Buy experiences, not stuff. That is the sage advice of Wealthy Barber author David Chilton, according to my sister who has been rereading the 25th anniversary of his best-selling book this summer.
My sister quotes his wisdom to me just as we are beginning our shared vacation at our lakeside cabin in western Newfoundland.
“That’s what Dad did when he built this place,” I say to her. She agrees and we spend the next 10 days reminding each other of so many of those experiences, sometimes laughing, sometimes just being quiet, our thoughts trailing further into memory.
There was the night the moose swam across the lake, stumbling to shore just behind our campfire. There was the day my sister and her family drove up the road, only to be stopped by a bear cup scrambling across it, then up a tree.
My brother and I had a similar experience, but were riding his Honda 50 motorcycle at the time, he a teenager clutching the handlebars, me, maybe 10 or 11, clutching his waist. We scooted back home and the bear cub scooted off to its mother.
There were the forts we built in the woods. And the huge salmon our neighbour’s wife caught on a line cast from our dock (the fish gets bigger every time the story is told).
Mother Nature offered us those experiences free for the taking. But we also collected experiences from the things my Dad bought.
It’s the rare person who can live without purchased stuff and our cabin has its share of accumulated chattel. Through the years there have been motorboats and water skis, rowboats and canoes, fishing rods and badminton rackets, croquet sets and volley ball nets.
The cabin itself was built of and filled with stuff – couches and beds, cupboards, drawers, tables and chairs. Most of it came already well used from our house in town, or as surplus inventory from the travel trailers my Dad once sold.
The stuff has mostly lost it sheen. The experiences regain their luster every time we come here.
We’ve been doing that, coming here, for 45 years. It’s a longer journey for all of us than it used to be when we lived in Corner Brook, which is just a 20-minute highway drive away. When we all still lived in the western Newfoundland city, we’d spend entire summers at the lake, driving back and forth through the weekdays for jobs and grocery runs.
Now we measure our visits in precious weeks, sometimes even days. We travel here by ferry or by plane, packing suitcases with cabin clothes, and, always, a camera.
Cameras fall in the category of purchased stuff but I can’t imagine Chilton would advise against them, so necessary are they for preserving memories of experience. I need to reread Chilton to see if he has a recommendation for the kind of stuff worthy of monetary investment. I’d put a camera there, whether he does or not.
Just yesterday, my camera captured a full day’s worth of images and stirred memories of past experiences.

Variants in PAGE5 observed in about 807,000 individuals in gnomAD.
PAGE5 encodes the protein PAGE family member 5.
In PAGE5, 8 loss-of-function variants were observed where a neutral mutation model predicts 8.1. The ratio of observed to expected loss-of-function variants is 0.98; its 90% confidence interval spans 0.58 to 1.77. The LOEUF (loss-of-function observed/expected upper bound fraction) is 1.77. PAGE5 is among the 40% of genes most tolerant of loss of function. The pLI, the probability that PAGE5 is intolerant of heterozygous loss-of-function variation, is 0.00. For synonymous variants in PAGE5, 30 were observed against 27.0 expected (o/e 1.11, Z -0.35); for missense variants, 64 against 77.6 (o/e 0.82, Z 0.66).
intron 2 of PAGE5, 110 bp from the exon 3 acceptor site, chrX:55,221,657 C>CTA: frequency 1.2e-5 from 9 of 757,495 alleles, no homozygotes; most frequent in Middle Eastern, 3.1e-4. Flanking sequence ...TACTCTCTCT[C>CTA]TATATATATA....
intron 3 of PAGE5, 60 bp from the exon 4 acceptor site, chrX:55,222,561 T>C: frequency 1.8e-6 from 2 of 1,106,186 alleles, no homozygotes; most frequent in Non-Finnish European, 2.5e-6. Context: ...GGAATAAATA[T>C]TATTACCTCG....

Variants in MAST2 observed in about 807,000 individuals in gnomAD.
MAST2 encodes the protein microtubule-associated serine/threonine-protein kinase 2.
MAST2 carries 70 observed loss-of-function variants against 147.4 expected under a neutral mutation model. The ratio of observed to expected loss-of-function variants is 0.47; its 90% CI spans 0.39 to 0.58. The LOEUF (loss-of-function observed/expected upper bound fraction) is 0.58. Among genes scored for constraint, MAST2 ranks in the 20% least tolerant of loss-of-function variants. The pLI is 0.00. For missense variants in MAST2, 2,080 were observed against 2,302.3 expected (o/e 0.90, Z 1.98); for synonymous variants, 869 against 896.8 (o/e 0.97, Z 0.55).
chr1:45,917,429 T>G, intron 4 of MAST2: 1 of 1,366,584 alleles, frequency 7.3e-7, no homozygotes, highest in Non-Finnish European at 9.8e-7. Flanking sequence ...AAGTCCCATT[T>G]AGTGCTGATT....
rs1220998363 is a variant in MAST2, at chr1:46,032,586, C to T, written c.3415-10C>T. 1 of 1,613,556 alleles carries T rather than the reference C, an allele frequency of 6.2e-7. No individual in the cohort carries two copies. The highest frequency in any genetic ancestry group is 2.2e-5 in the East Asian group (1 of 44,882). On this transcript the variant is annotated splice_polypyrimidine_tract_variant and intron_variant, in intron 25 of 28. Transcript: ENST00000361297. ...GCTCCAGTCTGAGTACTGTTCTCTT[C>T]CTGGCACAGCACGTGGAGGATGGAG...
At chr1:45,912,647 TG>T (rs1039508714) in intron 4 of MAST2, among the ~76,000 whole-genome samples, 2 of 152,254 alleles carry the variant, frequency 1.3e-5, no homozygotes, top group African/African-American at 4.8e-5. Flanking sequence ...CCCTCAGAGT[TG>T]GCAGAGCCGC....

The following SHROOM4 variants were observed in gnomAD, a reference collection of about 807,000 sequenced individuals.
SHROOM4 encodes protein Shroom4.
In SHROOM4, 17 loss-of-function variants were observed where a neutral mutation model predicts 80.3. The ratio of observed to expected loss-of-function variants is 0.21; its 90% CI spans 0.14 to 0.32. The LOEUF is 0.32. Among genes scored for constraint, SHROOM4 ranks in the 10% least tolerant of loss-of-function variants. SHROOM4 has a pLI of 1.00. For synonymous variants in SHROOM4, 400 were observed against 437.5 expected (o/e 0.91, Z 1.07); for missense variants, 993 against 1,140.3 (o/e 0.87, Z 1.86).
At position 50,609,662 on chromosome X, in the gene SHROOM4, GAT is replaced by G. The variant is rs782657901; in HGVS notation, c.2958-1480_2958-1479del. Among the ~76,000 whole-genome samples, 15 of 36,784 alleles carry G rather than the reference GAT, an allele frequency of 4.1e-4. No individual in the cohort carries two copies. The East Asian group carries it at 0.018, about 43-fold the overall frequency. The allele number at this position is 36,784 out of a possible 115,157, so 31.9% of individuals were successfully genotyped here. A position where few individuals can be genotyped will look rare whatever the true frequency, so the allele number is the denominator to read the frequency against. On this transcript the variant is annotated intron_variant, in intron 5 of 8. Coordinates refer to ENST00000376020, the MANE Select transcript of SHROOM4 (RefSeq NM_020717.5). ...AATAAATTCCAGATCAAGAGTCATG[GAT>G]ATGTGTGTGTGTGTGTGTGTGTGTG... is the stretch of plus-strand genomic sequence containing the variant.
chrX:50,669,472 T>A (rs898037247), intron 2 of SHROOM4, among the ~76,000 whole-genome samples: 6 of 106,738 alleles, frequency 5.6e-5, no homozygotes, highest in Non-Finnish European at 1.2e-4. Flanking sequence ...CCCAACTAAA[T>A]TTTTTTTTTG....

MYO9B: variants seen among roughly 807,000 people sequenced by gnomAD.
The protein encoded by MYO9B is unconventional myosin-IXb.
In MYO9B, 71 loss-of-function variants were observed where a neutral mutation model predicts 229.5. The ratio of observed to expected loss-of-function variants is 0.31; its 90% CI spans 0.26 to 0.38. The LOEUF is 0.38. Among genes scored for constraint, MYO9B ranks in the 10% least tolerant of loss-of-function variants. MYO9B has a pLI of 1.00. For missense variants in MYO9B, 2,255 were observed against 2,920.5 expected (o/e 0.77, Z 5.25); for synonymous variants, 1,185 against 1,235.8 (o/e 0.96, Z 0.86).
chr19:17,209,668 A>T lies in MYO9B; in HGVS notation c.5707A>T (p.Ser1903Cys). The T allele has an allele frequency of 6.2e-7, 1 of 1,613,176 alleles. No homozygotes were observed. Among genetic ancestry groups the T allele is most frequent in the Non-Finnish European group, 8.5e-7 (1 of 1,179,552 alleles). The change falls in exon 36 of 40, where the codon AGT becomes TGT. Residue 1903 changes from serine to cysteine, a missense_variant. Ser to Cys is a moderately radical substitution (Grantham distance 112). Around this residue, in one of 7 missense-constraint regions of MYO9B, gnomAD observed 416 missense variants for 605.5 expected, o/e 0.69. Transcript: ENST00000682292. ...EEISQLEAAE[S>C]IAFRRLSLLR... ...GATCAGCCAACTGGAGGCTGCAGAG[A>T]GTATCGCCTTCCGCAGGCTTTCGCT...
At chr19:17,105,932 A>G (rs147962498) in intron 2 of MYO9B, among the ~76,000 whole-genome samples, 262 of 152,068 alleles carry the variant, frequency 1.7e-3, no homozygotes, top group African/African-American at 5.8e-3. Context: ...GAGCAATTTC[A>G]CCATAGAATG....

There isn’t much new that happens here, just the same extraordinary occurrences one might expect from a place bordered by water and edged in by hills, a place where wildflowers and alder bushes grow at their own steady pace, and where everyone likes the fact that the lawn is woven not just from grass but from purple clover, pink-fringed English daisies and yellow buttercups.
Yesterday, the lake was perfectly calm and I wandered early along its shoreline and into the shallows, snapping photos of water lilies, the water so clear I could see all the way down to their roots.
I scanned my lens upwards, to take advantage of the reflection of a cloudless blue sky and spruce-green mountains. As I wandered around the point of land that protects our cove from the greater expanse of the lake, a loon surfaced.
I watched it swimming and diving until it disappeared into the horizon and I thought of all the mama ducks and babies we’ve seen over the years swimming in neat formation across the lake. We look for them every year, although we don’t always see them.
As the quietness of morning drifted away, the day became busier, if one can use that word for a day on the lake. We swam and fished, paddled the canoe, played on a raft, tried to lift a sail on the windsurfer. We made a trip to town for a few groceries, and beat it back as quickly as we could.
Friends arrived and conversation turned to more memories, for they have been visiting us here as long as we have occupied this point of land. The barbecue was lit, burgers cooked and then eaten around a table on the front verandah.
Later, as the sky turned pink with the setting sun, our neighbour’s son scurried up from the beach, inviting us to a bonfire on the beach.
Another day of experience drew to a close. Thanks, Dad, for buying it for us.
Lynda MacGibbon is a transplanted Maritimer living in Toronto. Her column appears each Friday. Connect at firstname.lastname@example.org or on Twitter @lyndamacgibbon.